ALBUQUERQUE, N.M. (AP) — In a closely watched, first-of-its kind municipal election, voters in New Mexico's largest city have soundly defeated a ban on late-term abortions.
Voters on Tuesday rejected the measure 55 percent to 45 percent following an emotional and graphic campaign that brought in national groups and hundreds of thousands of dollars in advertising. The campaign included protests that compared abortion to the Holocaust and displayed pictures of aborted fetuses.
A coalition of groups, including the American Civil Liberties Union of New Mexico and Planned Parenthood, called the results a huge victory for Albuquerque women and families.
"Albuquerque families sent a powerful message today_they do not want the government interfering in their private medical decisions," Micaela Cadena with the Respect ABQ Women campaign said in a statement. "Dangerous, unconstitutional laws like the one we rejected today have no place in Albuquerque, no place in New Mexico, no place anywhere in our nation."
NARAL Pro-Choice America President Ilyse Hogue said, "We hope today's resounding defeat of this abortion ban sends a clear message to the extreme forces around the country now trying to impose their agenda on cities around this country. "
Activists on both sides of the issue said it was the first municipal ballot measure on the matter, which usually is debated at the state and federal level. Abortion opponents had hoped that a victory in Albuquerque would create momentum in their long-running fight to ban abortion.
Father Frank Pavone, national director of the New York-based Priests for Life, said Tuesday night that anti-abortion activists should not be discouraged.
"It is a brilliant strategy and we will see to it that this effort is introduced in other cities and states," he said in a statement. "The fact is, of course, that children have in fact been saved through this effort, simply because we have raised the issue of fetal pain, which does not even cross the minds of many abortionists."
Much of the campaign focused on the debate over when and whether fetuses can feel pain.
Albuquerque became the focus of the latest anti-abortion campaign because it is home to Southwestern Women's Options, one of just a handful of clinics in the country that perform late-term abortions. The proposal would have banned abortions after 20 weeks except to save the mother's life.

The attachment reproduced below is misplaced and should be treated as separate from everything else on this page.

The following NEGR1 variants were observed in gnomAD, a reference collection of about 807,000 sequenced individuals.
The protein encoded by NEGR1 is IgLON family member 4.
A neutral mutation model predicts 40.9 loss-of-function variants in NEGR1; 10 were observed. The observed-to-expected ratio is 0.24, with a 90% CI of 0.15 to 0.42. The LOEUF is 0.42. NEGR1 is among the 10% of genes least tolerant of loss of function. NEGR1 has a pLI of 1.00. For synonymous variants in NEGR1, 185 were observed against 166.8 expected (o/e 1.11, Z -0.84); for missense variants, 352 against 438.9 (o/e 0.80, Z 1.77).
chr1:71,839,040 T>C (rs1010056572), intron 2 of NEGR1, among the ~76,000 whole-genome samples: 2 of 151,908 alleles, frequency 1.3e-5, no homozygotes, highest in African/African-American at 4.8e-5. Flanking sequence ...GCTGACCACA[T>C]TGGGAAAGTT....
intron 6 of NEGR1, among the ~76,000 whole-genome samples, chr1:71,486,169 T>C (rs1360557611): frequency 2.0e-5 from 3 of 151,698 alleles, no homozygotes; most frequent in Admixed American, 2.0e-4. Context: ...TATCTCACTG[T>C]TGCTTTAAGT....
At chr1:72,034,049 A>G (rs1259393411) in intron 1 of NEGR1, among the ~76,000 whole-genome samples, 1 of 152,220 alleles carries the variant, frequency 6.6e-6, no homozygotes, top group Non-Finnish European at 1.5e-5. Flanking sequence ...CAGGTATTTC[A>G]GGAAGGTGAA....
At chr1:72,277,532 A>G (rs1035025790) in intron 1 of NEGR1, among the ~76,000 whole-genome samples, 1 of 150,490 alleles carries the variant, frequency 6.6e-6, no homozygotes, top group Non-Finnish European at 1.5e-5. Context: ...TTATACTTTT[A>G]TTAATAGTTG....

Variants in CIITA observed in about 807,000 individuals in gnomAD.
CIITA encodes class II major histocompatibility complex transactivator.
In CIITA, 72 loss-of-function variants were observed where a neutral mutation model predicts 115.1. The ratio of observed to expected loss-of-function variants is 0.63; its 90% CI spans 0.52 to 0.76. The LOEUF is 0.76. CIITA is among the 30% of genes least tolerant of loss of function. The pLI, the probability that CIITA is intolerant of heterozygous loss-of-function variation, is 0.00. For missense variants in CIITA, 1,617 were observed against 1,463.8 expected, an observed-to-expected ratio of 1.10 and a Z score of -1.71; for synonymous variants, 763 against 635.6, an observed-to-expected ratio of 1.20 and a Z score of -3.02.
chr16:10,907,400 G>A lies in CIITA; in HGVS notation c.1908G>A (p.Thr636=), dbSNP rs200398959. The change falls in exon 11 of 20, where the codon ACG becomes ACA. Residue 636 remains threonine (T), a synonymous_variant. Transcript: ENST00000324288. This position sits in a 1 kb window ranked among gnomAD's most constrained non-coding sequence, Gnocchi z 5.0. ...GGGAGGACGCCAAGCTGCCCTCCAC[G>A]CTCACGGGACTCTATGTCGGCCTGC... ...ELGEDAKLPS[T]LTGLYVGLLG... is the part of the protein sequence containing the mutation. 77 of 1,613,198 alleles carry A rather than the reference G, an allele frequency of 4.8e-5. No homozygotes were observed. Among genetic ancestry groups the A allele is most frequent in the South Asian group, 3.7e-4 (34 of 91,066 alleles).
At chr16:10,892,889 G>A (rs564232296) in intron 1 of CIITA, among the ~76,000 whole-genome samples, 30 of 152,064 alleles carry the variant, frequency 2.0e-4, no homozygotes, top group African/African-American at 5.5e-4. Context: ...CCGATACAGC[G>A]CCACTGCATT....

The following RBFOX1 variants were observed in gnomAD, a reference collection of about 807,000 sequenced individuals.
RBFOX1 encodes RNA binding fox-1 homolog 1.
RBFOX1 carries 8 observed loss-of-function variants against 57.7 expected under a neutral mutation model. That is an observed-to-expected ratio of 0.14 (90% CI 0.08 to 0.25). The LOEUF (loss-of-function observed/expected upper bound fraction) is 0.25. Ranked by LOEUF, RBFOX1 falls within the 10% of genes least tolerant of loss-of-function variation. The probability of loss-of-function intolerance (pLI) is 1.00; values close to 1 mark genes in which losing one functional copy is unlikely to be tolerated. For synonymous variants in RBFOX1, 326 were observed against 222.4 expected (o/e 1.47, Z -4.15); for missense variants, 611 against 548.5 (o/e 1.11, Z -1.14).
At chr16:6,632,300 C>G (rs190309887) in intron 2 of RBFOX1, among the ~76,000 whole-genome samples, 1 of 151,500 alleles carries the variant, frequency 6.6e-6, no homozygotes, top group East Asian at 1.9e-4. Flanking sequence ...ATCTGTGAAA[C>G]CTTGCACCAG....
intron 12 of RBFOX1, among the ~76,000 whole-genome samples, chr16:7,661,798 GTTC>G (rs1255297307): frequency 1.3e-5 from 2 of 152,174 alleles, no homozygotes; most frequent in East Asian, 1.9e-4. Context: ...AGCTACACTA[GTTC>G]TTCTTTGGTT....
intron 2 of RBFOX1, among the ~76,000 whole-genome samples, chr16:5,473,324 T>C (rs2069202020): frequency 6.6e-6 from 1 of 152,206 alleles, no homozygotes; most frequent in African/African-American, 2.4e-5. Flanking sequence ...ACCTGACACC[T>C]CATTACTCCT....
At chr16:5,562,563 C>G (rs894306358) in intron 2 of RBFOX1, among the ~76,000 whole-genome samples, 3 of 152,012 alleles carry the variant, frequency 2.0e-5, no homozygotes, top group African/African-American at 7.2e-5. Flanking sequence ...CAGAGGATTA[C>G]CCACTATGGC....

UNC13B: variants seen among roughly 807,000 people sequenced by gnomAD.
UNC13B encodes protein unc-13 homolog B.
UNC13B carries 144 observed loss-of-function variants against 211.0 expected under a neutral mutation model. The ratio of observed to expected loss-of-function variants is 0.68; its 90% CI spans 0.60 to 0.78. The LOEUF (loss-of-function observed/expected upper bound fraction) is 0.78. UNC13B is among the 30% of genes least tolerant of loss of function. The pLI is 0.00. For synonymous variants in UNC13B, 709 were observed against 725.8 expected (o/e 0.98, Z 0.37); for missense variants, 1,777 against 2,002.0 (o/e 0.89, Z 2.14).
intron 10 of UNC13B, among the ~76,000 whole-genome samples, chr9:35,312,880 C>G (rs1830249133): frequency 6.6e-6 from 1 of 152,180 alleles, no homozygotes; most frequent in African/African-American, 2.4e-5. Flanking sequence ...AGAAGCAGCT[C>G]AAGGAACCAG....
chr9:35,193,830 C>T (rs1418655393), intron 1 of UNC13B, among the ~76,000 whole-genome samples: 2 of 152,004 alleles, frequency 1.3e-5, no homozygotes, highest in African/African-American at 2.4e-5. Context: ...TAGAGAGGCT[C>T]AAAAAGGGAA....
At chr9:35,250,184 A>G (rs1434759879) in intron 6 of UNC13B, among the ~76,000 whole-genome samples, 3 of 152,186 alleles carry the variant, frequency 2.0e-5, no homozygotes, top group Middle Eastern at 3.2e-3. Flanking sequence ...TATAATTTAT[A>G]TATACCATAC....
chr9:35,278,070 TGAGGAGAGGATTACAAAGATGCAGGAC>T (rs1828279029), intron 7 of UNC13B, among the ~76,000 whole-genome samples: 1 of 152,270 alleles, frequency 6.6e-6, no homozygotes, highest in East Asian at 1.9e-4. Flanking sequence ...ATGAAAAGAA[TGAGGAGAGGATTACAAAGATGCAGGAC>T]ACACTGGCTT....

A leader of the initiative, Tara Shaver, said her group gathered signatures to put the issue to voters after failing to make headway in the Democrat-controlled Legislature.
Asked if other cities with late-term abortion clinics might be targeted in the future, Shaver said, "We are encouraging people to see what can be done at the city level. ... We are starting to get calls from people asking us how to do what we have done."
Police were stationed near polling places Tuesday as protesters from both sides tried to persuade voters who were lining up before the polls closed. One school reported an hour wait.
Michelle Halfacre said she cast her ballot in favor of the proposal, which would ban abortions after 20 weeks except to save the mother's life.
"I had an abortion when I was young, and I regret it," Halfacre said. "I don't believe in it."
But Jonathan Cottrell, a crisis hotline volunteer, said he voted against the proposal because he believes it marks the beginning of a "slippery slope to ban abortion in general."
"I feel that women have the right to choose what to do to their body," Cottrell said.
ALBUQUERQUE, N.M. (AP) - A pair of New Mexico state police officers are under investigation and a mother and her 14-year-old son are facing charges after a routine traffic stop turned to chaos with the teen physically confronting one officer and another firing shots at a minivan carrying children.
Details of the recent stop emerged when KRQE-TV obtained dashboard camera video of the police cruiser that pulled the family of six over for speeding near the northern New Mexico tourist town of Taos.
The Oct. 28 footage showed driver Oriana Farrell disobey the officer's orders and drive off during the stop.
The 39-year-old Tennessee mother was pulled over again and the video shows two of her five children get out of the vehicle to confront the officer.
The mother and teenage son were arrested after a brief chase. She has since been released. It's unclear whether her son remains in custody.
Farrell's attorney didn't immediately return a call.
HILLSBORO, N.M. (AP) — Authorities say the search for nine teenagers reported missing from a New Mexico ranch for troubled youth will continue Saturday despite statements from the facility's attorney saying the boys were being returned to their parents.
State police said in a statement Saturday that they have information that one or more children have been returned to their parents but until they "can physically confirm their well-being" the search will continue and the Amber Alert issued for the teens stands.
A search warrant was executed Friday at the Tierra Blanca High Country Youth Program after allegations of beatings surfaced. The teens weren't at the 30,000-acre compound in Sierra County and neither was program operator Scott Chandler, a person of interest in the case.
Chandler denied the teenagers were harmed.
ALBUQUERQUE, N.M. (AP) — Authorities say flooding has claimed a life in New Mexico.
State police say the body of a man was found yesterday in a partially submerged vehicle in Ash Canyon, about 150 miles from Albuquerque.
The death is the first related to massive flooding in New Mexico following record rains last week.
Gov. Susana Martinez issued a state of emergency on Friday to open up recovery funding for local communities hit hard by the flooding.